This time of year it’s easy to get consumed with all the activities of summer. Cookouts, vacations, parties, special events, weddings – it’s amazing how quickly our weekends can fill up! We may see more of our friends and neighbors outside, but there is so much more we can do to build a better community rather than with just a friendly greeting.
- Get your produce at a farmer’s market.
Many cities have pop-up markets in the summertime where you can purchase fresh produce from nearby farms. This not only supports farmers in your area, but also helps ensure that you’re getting food that hasn’t been shipped from far away locations. It will be more fresh, taste better, and you’ll be keeping money within your own community.
- Bring a trash bag.
The next time you’re planning to go for a walk through your neighborhood, bring a trash bag along. Pick up any trash you find on the sidewalks and streets. Make it a game for the kids, and give away a prize for whoever picks up the most!
- Organize a clothing swap.
One person’s trash is another’s treasure! Invite your neighbors to participate by bringing their gently used clothing, books, and appliances, and provide some light refreshments for the event. Not only is it a great way to get to know people, but you can donate anything left over to your local shelter or thrift store.
- Donate to your local food bank.
Food banks supply non-perishable food items and provisions to people in need at no charge. Feeding America uses these food banks to get supplies to those who need it most. Here is a very helpful tool from Feeding America to find food banks in your area. At your next grocery trip, throw a few extra items in your cart and swing by a food bank on your way home. A little help goes a long way!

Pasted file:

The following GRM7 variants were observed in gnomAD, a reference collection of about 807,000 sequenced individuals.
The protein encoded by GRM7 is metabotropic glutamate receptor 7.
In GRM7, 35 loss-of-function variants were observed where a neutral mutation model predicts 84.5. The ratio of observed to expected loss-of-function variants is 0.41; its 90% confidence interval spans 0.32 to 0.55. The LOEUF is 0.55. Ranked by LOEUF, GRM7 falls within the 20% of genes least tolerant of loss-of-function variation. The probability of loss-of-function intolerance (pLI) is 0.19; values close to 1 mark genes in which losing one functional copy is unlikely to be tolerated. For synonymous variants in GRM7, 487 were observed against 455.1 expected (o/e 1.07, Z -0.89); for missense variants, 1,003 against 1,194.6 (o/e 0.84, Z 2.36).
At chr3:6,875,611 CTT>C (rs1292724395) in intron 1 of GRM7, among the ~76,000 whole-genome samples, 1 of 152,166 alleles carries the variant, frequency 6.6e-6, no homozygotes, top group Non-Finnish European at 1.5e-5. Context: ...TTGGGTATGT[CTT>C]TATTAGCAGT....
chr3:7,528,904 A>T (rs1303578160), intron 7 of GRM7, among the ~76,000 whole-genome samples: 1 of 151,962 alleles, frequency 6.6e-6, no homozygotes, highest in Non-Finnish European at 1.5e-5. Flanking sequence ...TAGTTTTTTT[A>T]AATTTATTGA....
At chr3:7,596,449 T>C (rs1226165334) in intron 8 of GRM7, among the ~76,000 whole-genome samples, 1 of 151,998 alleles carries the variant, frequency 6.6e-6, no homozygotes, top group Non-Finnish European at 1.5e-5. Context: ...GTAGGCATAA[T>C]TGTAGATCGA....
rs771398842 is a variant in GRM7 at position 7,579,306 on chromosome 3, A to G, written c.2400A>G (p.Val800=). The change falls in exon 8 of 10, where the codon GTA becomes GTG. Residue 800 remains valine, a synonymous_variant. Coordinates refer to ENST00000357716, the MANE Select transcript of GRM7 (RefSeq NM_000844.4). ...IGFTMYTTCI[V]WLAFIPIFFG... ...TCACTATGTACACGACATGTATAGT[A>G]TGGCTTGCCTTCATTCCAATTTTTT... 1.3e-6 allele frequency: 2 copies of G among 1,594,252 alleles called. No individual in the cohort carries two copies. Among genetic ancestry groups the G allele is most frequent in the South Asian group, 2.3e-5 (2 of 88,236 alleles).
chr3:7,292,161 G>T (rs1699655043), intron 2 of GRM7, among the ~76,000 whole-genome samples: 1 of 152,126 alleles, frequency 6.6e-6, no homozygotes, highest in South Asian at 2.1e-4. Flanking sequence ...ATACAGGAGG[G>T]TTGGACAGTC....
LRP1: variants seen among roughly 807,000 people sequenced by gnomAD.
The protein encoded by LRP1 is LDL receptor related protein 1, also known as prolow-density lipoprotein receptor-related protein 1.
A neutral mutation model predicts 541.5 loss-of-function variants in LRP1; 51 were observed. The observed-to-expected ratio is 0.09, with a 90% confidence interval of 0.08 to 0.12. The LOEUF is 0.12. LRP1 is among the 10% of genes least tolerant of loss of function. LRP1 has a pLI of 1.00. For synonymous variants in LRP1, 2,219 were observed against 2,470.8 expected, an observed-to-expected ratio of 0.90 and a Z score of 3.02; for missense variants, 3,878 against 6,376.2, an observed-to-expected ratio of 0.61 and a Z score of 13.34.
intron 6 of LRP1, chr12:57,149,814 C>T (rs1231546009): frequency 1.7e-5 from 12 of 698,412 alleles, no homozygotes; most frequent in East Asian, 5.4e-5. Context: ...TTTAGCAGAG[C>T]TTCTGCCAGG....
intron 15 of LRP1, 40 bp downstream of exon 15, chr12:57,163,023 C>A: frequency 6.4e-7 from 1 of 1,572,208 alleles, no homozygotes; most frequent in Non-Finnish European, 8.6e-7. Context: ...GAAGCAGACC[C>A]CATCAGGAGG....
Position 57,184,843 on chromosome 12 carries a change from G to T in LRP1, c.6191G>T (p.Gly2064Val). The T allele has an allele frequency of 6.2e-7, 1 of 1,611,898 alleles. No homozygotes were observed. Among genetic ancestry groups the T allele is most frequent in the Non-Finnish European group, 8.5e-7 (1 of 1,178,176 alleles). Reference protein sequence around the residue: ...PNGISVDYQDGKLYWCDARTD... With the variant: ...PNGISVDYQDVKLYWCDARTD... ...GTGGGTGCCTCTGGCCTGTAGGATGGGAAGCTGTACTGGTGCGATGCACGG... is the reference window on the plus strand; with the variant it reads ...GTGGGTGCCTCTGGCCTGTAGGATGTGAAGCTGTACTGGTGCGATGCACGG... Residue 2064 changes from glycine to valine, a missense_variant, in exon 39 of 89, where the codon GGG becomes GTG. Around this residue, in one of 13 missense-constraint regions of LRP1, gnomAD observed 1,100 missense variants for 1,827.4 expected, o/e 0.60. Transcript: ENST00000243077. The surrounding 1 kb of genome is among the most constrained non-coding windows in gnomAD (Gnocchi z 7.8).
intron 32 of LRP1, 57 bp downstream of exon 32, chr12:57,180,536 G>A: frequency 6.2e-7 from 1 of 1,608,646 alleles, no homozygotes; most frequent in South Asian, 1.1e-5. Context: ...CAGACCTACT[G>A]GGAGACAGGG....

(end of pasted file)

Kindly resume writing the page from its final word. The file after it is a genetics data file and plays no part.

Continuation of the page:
- Create a community garden.
Have a green thumb? If there’s already a community garden in your area, rent a plot and get to planting! It will reduce your carbon footprint, while also getting you involved with the other members of your community. If one of your crops does well and someone else’s doesn’t, you can plan produce exchanges! If there isn’t a garden in your area, get together with your neighbors to start one.
- Find your fit for volunteering.
If serving food at a soup kitchen isn’t really your thing, there are many of other ways to give back. You can help with human rights activities, providing support at senior centers and animal shelters, and even with arts and culture in your town. Volunteer Match is a great way to join forces with nonprofits in need of volunteers in your area.
[Credit: “13 Fun and Easy Ways to Give Back to Your Community.” The Huffington Post.]